Q. My former husband is very ill. If he dies, what Social Security Benefits
may our two children be entitled to?
Social security benefits may be paid to children when one parent becomes
disabled, retires, or dies. To be eligible, the child must be the contributing
spouse's biological child, adopted child, stepchild, or a dependent
grandchild and under the age of 18 or, if still in high school, under
the age of 19 (unless the child is disabled).
The child must have one parent who is disabled or retired and entitled
to SS benefits or have a parent who died after having worked long enough
to have themselves qualify for benefits. A child may receive up to one-half
of the contributor's retirement or disability benefits, or 75 % of
the deceased parent's basic Social Security benefit (up to a family maximum).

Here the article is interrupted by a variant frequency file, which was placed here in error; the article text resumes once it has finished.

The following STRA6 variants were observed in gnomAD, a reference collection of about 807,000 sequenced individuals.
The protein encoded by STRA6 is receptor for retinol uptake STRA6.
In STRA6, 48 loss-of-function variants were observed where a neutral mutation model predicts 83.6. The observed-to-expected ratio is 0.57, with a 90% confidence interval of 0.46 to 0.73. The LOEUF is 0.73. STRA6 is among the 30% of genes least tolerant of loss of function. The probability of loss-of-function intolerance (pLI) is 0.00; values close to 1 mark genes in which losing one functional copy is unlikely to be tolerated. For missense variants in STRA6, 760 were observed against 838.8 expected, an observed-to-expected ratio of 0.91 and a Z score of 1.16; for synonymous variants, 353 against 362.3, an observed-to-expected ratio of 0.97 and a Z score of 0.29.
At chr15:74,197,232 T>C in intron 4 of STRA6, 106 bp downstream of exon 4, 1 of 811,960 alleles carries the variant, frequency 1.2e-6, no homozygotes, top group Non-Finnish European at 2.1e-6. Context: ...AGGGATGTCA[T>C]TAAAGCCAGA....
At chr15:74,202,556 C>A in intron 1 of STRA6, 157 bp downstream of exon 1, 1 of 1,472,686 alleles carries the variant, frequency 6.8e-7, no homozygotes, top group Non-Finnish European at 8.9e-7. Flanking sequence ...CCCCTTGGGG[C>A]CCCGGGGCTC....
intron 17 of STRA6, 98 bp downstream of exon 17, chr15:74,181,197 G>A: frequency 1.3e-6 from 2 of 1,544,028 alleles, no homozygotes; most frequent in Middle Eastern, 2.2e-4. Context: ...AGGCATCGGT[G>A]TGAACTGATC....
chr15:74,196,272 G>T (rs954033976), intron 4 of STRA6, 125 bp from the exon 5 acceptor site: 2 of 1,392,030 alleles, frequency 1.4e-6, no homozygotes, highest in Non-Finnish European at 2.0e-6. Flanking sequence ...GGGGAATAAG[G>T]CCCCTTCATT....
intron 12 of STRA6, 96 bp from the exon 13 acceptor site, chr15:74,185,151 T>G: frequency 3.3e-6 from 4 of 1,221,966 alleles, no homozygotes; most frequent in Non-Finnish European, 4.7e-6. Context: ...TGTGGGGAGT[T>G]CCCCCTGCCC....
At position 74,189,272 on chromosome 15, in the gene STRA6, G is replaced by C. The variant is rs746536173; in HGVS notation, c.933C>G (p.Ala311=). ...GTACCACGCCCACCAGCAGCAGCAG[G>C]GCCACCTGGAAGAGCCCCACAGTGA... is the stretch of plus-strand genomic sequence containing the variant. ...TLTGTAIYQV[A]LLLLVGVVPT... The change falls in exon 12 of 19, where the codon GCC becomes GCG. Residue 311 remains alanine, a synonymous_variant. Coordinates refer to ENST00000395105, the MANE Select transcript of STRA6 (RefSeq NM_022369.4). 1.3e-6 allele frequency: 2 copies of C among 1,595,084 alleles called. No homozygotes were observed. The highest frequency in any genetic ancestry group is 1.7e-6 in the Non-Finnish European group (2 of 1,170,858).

If a stepchild is receiving benefits, and the contributing spouse divorces
the child's parent, the stepchild's benefits will end the month
after the divorce becomes final.
Social Security Disability Insurance (SSDI) provides benefits based upon
disability. These benefits depend upon prior work and Supplemental Security
Income (SSI). Disability benefits may be paid, if there are sufficient
work credits, to blind or disabled workers, widows and widowers, or adults
who have been disabled since childhood who are otherwise not eligible
to qualify for benefits. The amount of the monthly benefit depends upon
the Social Security earnings record of the worker.
SSI payments are based upon financial need to adults or children who are
disabled or blind, have limited income and resources, meet certain living
arrangement requirements, and who are otherwise eligible. Monthly benefits
vary up to a maximum federal benefit rate, which is sometimes supplemented
by the state.
Need more information about Social Security and support obligations?
Thurman W. Arnold III